Strange but true: Tunisians are great lovers of spaghetti and various other types of pasta! Once an everyday dish, couscous has now become a special Sunday and holiday treat, leaving the privilege of ‘everydayness’ to pasta—spaghetti, tagliolini, penne, fusilli, farfalle, and so on—while traditional homemade Tunisian pasta is almost on the verge of extinction.
The industrial pasta boom is a relatively recent phenomenon in Tunisia, though semi-industrial fresh pasta and spaghetti workshops began to appear in the main towns and cities at the start of the twentieth century, most of them run by immigrant Italian artisans. The fact is that, today, the industrial production of pasta in Tunisia is as important as that of couscous.
Pasta owes its success to two factors—it’s relatively cheap and it doesn’t take long to prepare. Now that women work more and more away from home, they obviously have less time to spend in the kitchen. By marketing packages of pasta and cans of tomato paste, agribusiness has made it easier to cook meals quickly . Twenty minutes and lunch is ready (ten if the pasta were al dente!). This incredible time saving has triggered a veritable revolution in eating habits.
Traditional Tunisian pasta is steamed in the same manner as couscous. The best known variety is called nuwaser, a dish prepared by the inhabitants of Tunis especially for the Sunnite religious feast of Ashura, the equivalent of the Catholic All Souls’ Day. Nuwaser are small, wafer-thin squares, cut by hand from a dough made of semolina, water and salt (the method is reminiscent of the one used for lasagne). The pasta is then dried in the sun and steamed in a double couscous pan, with the lower section pierced to gather the steam from the sauce cooking in the lower. This cooking method requires much more time and care than the Italian one, but it is widespread throughout North Africa, among Berbers and Arabs, in the coastal cities and in the interior on the edge of the Sahara. A number of types of dry pasta also exist in Tunisia—tlitlu, characteristic of Biserta, for example, rishta, which can be baked in the oven or in stock with vegetables and legumes, and gritfa typical of the South, which is steamed with dried fish or octopus—but since they are regional specialties, they are little known nationwide.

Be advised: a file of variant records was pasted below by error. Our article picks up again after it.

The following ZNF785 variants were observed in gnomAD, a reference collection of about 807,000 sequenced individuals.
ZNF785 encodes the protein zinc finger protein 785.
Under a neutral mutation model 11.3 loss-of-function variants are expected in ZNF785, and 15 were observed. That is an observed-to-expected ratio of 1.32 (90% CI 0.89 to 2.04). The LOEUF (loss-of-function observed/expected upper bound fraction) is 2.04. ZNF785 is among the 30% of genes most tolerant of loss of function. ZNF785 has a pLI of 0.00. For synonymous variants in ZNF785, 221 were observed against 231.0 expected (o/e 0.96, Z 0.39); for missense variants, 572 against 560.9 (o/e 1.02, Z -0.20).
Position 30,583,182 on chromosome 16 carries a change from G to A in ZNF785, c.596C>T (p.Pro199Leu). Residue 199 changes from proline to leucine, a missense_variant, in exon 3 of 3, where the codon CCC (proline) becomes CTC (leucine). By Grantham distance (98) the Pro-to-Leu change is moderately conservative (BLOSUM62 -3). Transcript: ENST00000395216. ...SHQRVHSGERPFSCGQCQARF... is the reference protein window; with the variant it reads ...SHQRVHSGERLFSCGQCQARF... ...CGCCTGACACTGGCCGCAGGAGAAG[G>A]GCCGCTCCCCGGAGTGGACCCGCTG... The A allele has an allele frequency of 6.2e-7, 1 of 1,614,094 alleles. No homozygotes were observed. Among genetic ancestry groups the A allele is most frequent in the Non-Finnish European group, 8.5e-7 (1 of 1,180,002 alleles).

Pasta has come to Tunisia with modernity. A sign of the evolution of taste? Not exactly, since after familiarizing themselves with Italian pasta—especially the Italian method of cooking it—Tunisian have, to some extent, taken it over.
One problem is that of terminology. Irrespective of shape, almost all industrially made pasta is referred to by the generic term of maqruna or makaruna (the pronunciation varies according to region), while the type is specified as follows: maqruna spaghetti are spaghetti, maqruna fill are ditali (n°1 for small, n°2 for medium, n°3 for large), fartattu are farfalle, and so on … Fedelini and mafaldine, instead, have taken pre-existing names—dwida and rishta— probably because they are similar in shape to old types of Tunisian artisan pasta.
Tunisians haven’t adopted the recipes of Italian sauces, but have invented new ones more in keeping with local taste. The commonest recipe, though, is maqruna bil salsa, pasta with tomato sauce, the word ‘salsa’ now being integrated into Tunisian vocabulary as if it had always been there.
Pasta al dente is taboo; it has to be overcooked! Sauces are thick, sometimes very piquant, and the variety of recipes is truly incredible. Cooking time (much longer) and ingredients and condiments are now to all intents and purposes ‘Tunisian’. We have pasta with fresh tomato or tomato purée, with garlic, with pepper or with hot chili, with sauce (with or without meat), with meatballs or mutton sausages, with chicken sauce, with fish, or with squid. In some recipes chickpeas are used, in others carrots or potatoes. Hot chili peppers are sometimes thrown whole into the cooked sauce. Sauces made with ground veal are flavored with bay leaves and orange peel, fish and octopus sauces with crushed coriander seeds. Baked pasta may be enhanced with saffron, meatballs with cinnamon. In Mohamed Kouki’s La cuisine Tunisienne, I counted as many as 20 pasta recipes (only the classics are cited), in 17 of which macaronis are used (the shape isn’t specified, but since in some recipes the author suggests breaking the pasta before cooking it, I imagine he’s referring to spaghetti) and in three fedelini. Some Tunisian artisan pasta recipes are presented apart, others in a chapter dedicated to recettes régionales.
Recently, with the diffusion of foreign cookbooks and, even more so, RAI cookery programs (satellite dishes bring Italian TV to most Tunisian homes), Tunisians have begun to learn the authentic Italian recipes, and many are now attempting to reproduce them without adding local touches.
A new vision of the western world? The acceptance of the food of others without modifying it in order to make it ‘ours’? The desire to do so is certainly there and attempts have been made.
Yet when I visited the website of one of Tunisia’s biggest pasta factories, Diari of Sfax, I discovered an entirely different reality. The site, in fact, presents a whole series of recipes completely unknown to me—new creations that are a mixture of Tunisian cuisine and Italian. I haven’t tried them yet, but I have to say I find this new development interesting insofar as it shows how Tunisian cuisine can adapt, hence transform Italian recipes by replacing given ingredients, either because they aren’t readily available or because they are forbidden for religious reasons. In Pasta alla carbonara, to cite one example, ‘turkey ham’ is used as a substitute for bacon!
Lilia Zaouali a lecturer in ‘Anthropology of the Islamic World’ at the University of Jussieu, Paris.
Adapted by John Irving